That motion was carried, without a dissentient speech, on the voices. The matter has been raised at Imperial conferences by the Australian Government on, I believe, the last three occasions without any decision having been arrived at, though I believe that every Australian Government during that time has supported it. This matter was dealt with at the Hague Conference of 1930. In the nationality convention there concluded, it was agreed that a woman should not lose her nationality on marriage, unless, by the national law of her husband, she acquired his nationality. It was also agreed that naturalization of the husband during marriage should not change the wife’s nationality without her consent. I have received from the organization which first brought this matter to my notice six years ago, a telegram stating that it is understood that Canada will introduce this question at the Ottawa Conference, and asking me to ascertain the Government’s intentions in the matter. I do not expect the Acting-Leader of the Senate (Senator McLachlan) to give me an answer to-night as to the Government’s policy. I merely ask him to submit it to Cabinet before the Australian delegates leave for Ottawa, so that they may be conversant with the views of the Government - views which I hope will be on the lines I have indicated - and consequently in a position to confer with the representatives of the other Dominions with a view to arriving at uniformity in this matter, which affects a large number of women, not only in the Commonwealth, but throughout the Empire.
– I rise in relation to the personal explanation of Senator Grant. Honorable senators know that I am a hard fighter in politics, neither seeking nor giving sympathy. Senator Grant entered this chamber to take the placerendered vacant by the death of Senator Ogden. At the joint sitting of the two Houses of the Tasmanian Parliament, which selected him to fill the vacant position, there was a desire to have a general discusion on the financial agreements enforcement legislation introduced into this Parliament. The following motion, moved by the Premier, Mr. McPhee, was carried unanimously-: -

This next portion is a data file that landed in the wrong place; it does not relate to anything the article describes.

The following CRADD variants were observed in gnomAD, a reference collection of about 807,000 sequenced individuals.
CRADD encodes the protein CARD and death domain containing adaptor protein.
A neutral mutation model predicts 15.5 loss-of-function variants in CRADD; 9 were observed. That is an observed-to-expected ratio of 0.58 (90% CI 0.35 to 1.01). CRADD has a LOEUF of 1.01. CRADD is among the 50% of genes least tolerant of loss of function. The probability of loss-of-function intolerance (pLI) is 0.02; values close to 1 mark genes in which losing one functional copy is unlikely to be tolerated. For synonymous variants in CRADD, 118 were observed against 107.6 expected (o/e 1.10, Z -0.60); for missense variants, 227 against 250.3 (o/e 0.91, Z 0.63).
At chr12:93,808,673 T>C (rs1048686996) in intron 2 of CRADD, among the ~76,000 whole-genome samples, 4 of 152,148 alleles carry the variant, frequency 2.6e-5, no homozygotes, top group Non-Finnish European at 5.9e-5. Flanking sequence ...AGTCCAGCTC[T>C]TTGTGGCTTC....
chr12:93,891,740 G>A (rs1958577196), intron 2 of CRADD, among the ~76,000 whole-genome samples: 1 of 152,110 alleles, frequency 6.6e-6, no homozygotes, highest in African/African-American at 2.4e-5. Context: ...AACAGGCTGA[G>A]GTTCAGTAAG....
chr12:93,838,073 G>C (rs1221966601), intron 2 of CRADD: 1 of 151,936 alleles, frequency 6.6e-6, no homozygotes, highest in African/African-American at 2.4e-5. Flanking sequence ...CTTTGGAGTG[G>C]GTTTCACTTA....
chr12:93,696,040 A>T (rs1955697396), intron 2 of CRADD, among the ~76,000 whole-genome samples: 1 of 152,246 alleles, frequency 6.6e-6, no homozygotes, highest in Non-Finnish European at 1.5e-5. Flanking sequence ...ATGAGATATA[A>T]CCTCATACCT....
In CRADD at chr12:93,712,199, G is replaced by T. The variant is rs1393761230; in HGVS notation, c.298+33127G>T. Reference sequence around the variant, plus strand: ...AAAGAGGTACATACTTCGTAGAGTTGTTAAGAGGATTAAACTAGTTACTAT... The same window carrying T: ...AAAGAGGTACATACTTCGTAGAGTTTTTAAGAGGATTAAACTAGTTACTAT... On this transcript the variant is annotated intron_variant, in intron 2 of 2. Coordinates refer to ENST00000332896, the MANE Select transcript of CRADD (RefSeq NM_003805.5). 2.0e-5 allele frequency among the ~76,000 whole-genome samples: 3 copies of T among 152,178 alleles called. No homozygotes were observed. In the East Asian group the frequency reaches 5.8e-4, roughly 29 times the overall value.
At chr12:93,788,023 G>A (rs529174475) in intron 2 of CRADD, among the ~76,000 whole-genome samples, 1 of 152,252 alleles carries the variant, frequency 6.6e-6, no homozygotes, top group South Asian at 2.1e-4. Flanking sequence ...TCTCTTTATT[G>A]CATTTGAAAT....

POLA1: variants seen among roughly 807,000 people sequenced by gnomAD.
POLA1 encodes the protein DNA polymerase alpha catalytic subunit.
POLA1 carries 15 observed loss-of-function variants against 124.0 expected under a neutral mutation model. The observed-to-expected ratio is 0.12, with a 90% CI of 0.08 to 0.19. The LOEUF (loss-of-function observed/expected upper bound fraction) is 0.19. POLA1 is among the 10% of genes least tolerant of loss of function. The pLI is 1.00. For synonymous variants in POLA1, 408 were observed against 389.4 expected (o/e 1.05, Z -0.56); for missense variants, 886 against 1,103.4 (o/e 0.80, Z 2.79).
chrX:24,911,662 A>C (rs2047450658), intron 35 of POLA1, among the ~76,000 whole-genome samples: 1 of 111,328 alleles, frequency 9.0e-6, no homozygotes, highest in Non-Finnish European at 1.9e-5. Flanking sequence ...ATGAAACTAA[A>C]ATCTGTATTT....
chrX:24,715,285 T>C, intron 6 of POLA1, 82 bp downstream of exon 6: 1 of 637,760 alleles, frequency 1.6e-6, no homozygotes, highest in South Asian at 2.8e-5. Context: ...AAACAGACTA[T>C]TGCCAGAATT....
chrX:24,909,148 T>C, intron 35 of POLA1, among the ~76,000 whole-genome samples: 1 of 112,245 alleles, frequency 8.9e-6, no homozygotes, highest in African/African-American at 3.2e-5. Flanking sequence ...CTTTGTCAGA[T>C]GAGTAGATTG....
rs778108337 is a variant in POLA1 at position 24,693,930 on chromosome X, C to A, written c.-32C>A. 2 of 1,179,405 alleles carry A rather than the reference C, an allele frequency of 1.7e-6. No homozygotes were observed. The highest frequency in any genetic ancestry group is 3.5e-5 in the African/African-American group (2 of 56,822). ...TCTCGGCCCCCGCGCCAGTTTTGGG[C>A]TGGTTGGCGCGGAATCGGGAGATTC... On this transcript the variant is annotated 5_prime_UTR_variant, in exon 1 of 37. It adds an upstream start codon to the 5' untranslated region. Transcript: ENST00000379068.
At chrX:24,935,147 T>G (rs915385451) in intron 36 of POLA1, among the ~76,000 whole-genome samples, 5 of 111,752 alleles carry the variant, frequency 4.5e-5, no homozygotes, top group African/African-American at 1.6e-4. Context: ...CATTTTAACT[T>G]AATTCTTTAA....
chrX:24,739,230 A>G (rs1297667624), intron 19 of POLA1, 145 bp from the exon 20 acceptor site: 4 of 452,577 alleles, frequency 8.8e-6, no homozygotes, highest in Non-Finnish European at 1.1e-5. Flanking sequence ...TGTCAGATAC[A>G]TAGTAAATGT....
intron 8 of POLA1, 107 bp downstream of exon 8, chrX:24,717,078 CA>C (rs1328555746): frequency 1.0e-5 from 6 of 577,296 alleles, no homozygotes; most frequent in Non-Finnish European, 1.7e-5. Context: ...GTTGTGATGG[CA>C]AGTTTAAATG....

That this House views with grave concern the important, far-reaching, and dangerous nature of the Financial Agreements Enforce ment Bill before the Federal Parliament, and is of the opinion that such bill constitutes a serious menace to the federal principles of government, and will place the States in a most lamentable position, if at any time, through causes over which the Parliament of the State has no control, it may be unable to meet its obligations.
Following the carrying of that resolution a Tasmanian newspaper, the Voice. stated -
Now Senators Herbert Hays, J. B. Hayes. Millen, Sampson, Grant, and Payne, this matters a little more than sugar, and Tasmanians will very carefully observe what you do when this fearful enforcement iniquity of Mr. Lyons comes before the Senate. By about June next Mr. McPhee will be no more able to pay his full commitments than Mr. Lang. The recently-selected Senator Grant voted to denounce this enforcement bill. The other five can now choose between Mr. Lyons and Tasmania.
If I put the honorable senator in a false position by the statement I made this afternoon, I withdraw the statement, and ask him to accept my apology.
– I accept the honorable senator’s explanation.
SenatorRAE (New South Wales) [10.29]. - Can the Acting-Leader of the Senate (Senator McLachlan) give us any indication of the length of the forthcoming adjournment?
– I shall ask the Leader of the Senate (Senator Pearce) on his return to-morrow, or, in his absence, I shall endeavour to do so, to inform the Senate of the intention of the Prime Minister (Mr. Lyons) regarding the duration of the recess.
Senator Duncan-Hughes raised an important question when he referred to the nationality of married women. I was not aware that the subject was likely to be discussed at Ottawa; but my attention now having been drawn to the matter, I shall see that it is brought under the notice of the Prime Minister, with a view to consideration by Cabinet, so that instructions may be given to the delegates how to act in the event of the subject coming up for discussion at the conference.
Question resolved in the affirmative.
Senate adjourned at 10.31 p.m.
Cite as: Australia, Senate, Debates, 19 May 1932, viewed 22 October 2017, <http://historichansard.net/senate/1932/19320519_senate_13_134/>.